Be Prepared to Manage Social Media Risks
The basic difference between an ordinary person and a warrior is that a warrior takes everything as a challenge, while an ordinary person takes everything...
The basic difference between an ordinary person and a warrior is that a warrior takes everything as a challenge, while an ordinary person takes everything as a blessing or a curse. (Carlos Castenada) To be an effective leader, you need to look at risk as a challenge, while making sure to manage it like you do any other opportunity. Torben Rick, international executive with a strong track record in developing, driving and managing business improvement and development, change management and turn-around reminds us, “There is no brand immune to a negative event … it happens, that’s life and most companies plan for this to happen by developing action plans and the like.” Such should be the case when engaging in social media marketing.
Social media marketing affords the opportunity to create a community of fans and customers alike. According to Jim Goldstein (“Social Media + You – Brand and Reputation Management = Disaster”), “Reinforcing the positive sentiment of this audience is key to creating a long lasting positive (brand) perception. In addition a passionate following will ensure that as negative sentiment arises that the community behind you supports you. A supportive community of followers expands the number of eye and ears looking and listening on your behalf. It’s not uncommon for passionate supporters to actually take on negative sentiment directly on your behalf.”
It Just Takes a Good Plan
The problem is that incidents move faster in social media, so you need to create a crisis response plan, suggests Jeremiah Owyang (“When It Comes To Social Media, Many Marketers Jump The Gun”). “For instance, how would your company react if some of its products turned up in an unflattering YouTube video on a Friday evening before a three-day weekend?” He says many companies jump into social marketing before they are ready. “The opportunities to connect with customers, learn from them and benefit from word-of-mouth marketing are irresistible. But CMOs must first establish the internal resources and processes that are necessary for their companies to be successful in social marketing.”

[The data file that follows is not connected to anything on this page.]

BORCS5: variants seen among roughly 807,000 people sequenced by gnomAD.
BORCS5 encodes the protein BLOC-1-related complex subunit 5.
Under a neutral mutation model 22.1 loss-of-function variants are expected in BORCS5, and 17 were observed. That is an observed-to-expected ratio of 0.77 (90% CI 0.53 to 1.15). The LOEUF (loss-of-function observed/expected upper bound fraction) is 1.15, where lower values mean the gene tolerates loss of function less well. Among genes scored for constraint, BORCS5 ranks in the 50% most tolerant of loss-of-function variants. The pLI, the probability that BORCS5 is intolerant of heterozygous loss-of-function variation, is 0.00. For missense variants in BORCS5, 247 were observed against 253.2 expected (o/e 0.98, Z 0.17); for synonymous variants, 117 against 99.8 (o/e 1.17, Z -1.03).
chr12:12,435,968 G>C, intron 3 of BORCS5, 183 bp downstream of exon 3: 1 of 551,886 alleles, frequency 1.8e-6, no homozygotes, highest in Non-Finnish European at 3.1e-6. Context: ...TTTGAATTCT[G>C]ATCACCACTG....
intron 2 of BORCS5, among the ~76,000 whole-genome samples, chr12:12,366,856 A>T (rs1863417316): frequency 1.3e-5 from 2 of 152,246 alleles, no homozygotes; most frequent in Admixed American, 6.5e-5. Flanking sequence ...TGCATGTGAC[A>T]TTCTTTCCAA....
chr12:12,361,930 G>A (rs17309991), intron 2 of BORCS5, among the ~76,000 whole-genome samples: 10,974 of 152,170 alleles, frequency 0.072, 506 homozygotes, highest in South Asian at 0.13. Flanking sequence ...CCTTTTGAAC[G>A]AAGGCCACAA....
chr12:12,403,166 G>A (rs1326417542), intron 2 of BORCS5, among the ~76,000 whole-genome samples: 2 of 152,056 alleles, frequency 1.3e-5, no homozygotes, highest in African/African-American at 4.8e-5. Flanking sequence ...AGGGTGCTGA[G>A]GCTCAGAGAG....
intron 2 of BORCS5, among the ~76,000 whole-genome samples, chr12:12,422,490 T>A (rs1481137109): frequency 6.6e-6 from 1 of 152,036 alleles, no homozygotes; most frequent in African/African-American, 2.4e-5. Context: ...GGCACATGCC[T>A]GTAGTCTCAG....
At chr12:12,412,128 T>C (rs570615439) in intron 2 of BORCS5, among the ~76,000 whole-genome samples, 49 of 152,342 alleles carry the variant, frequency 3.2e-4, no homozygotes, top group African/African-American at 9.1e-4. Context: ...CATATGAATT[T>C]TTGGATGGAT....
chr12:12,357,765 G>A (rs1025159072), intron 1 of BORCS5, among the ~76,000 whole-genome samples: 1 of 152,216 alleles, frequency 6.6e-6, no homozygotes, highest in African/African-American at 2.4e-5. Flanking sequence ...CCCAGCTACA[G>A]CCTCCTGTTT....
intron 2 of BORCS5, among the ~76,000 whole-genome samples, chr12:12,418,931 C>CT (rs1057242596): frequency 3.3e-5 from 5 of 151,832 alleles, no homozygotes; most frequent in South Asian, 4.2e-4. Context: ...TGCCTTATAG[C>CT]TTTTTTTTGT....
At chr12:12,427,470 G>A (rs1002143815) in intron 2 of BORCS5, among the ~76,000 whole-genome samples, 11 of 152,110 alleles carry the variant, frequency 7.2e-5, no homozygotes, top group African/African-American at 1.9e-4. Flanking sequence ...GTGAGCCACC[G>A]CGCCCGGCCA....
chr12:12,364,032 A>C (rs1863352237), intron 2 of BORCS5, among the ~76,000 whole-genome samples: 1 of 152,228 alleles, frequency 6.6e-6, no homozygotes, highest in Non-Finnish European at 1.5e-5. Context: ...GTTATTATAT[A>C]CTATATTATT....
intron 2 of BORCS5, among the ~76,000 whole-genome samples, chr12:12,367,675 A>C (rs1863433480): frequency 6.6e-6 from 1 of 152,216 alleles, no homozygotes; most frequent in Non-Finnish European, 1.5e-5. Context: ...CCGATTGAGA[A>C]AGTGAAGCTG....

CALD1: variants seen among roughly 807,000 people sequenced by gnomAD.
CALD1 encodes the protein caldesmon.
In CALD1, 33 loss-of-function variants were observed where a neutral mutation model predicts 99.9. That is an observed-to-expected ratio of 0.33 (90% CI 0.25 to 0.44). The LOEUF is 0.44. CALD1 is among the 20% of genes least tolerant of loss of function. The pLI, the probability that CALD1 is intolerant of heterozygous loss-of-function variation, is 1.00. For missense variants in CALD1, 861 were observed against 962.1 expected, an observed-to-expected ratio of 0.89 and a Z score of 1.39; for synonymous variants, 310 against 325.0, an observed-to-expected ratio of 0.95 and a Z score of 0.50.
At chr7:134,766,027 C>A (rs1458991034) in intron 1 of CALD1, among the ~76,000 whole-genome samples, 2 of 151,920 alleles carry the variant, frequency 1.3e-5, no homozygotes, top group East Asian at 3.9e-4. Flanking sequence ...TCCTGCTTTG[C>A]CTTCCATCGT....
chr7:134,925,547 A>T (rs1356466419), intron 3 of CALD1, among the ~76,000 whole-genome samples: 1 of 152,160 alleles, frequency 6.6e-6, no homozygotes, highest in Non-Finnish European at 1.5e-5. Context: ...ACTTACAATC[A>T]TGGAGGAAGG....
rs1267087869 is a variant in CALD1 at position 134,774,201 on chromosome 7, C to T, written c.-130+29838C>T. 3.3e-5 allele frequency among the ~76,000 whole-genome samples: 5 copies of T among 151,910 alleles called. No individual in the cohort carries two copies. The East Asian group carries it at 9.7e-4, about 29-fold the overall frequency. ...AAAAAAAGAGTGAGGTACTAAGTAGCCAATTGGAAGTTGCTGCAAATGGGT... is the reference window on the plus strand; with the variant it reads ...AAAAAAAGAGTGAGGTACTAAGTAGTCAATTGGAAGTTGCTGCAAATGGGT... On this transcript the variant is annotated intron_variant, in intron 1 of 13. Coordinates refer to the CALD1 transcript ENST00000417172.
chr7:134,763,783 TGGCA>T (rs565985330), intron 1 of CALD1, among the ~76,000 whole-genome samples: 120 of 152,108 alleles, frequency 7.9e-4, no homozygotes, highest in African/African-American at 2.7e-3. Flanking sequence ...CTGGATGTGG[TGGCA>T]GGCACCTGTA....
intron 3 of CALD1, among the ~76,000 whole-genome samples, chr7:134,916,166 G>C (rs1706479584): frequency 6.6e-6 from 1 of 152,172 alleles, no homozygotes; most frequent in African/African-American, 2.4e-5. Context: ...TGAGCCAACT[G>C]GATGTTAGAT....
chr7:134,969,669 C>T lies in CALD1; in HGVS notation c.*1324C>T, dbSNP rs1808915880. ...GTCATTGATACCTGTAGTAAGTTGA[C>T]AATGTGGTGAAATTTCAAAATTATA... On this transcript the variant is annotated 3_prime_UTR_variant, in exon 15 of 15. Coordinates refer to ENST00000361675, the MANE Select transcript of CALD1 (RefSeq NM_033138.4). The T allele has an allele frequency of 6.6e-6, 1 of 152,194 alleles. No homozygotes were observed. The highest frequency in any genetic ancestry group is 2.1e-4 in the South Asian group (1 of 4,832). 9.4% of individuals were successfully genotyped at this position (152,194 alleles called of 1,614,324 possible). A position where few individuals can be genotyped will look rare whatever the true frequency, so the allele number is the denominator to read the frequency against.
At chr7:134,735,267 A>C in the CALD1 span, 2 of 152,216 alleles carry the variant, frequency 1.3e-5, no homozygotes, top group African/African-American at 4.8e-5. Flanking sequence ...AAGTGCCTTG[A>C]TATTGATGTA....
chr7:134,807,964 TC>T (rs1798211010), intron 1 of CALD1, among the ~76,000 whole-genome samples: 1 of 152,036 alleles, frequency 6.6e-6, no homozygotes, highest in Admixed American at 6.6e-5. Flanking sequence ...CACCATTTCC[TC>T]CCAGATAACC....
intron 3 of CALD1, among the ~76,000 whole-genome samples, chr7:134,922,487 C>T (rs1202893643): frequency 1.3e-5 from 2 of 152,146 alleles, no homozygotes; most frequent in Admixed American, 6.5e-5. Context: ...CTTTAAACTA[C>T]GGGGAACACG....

You don’t need to look far to find examples of business who were not prepared to handle an unforeseen crisis, manage the risks, or harness the power of social media:
- According to Owyang: Greenpeace’s organized brandjacking of Nestle SA’s Facebook page a few years ago is an example of what makes CMOs afraid of social media. There is good reason for this: The power has clearly turned to those that participate, and now detractors are starting to organize using the same organized marketing campaigns that companies create. Greenpeace takes issue with Nestle’s purchase of palm oil from farmers who are destroying forests. The organization prepared a frontal assault with prepared assets such as off-brand logos, detrimental videos, and called for their Twitter followers to attack Nestle’s Facebook page. Nestle, the giant food company, was unprepared. It apparently lacked qualified community managers, a community policy and an advocacy program. Proof of the power of online communities: Today the Swiss company said it will work with a nonprofit organization to probe the firm’s palm oil suppliers.
- In his article, “Better have a social media risk management plan”, Rick points out that in terms of bad online sentiment, it doesn’t get much worse than BP’s disaster in the Gulf of Mexico. He said in May 2010, “a search for “BP oil spill” on YouTube returned over 900 videos about the disaster and in April 2010 BP was one of brands that was generating the most buzz on Twitter. BP seemed to have a poor micro-blogging strategy at the time and each twit was drowned by a deluge of hostile Tweets. This is partly just a question of quantity, which could be balanced if BP had a larger presence on these sites and more followers to begin with – but since it was too late to do anything about that, the company might have benefitted by at least putting a more human (and humane) face on its social media communications. Let’s see the CEO make some personal twits – a symbolic gesture which might help temper the maelstrom of negative PR currently engulfing the company. Or even better – lets see the CEO apologize in a video broadcast.”
Should you be concerned about bad sentiment circulating online about you or your business? Certainly, says Goldstein, but not to the degree that it paralyzes you from doing business. Bad things will always be said about an individual or business. We can’t please everyone all of the time, but it is possible to keep bad situations (and unpredictable events) from getting ugly in the social media world…Strategically speaking turning lemons into lemonade is a critical online business strategy. You just need to plan ahead and be prepared.
Does your organization have a formal social media risk management or crisis response plan?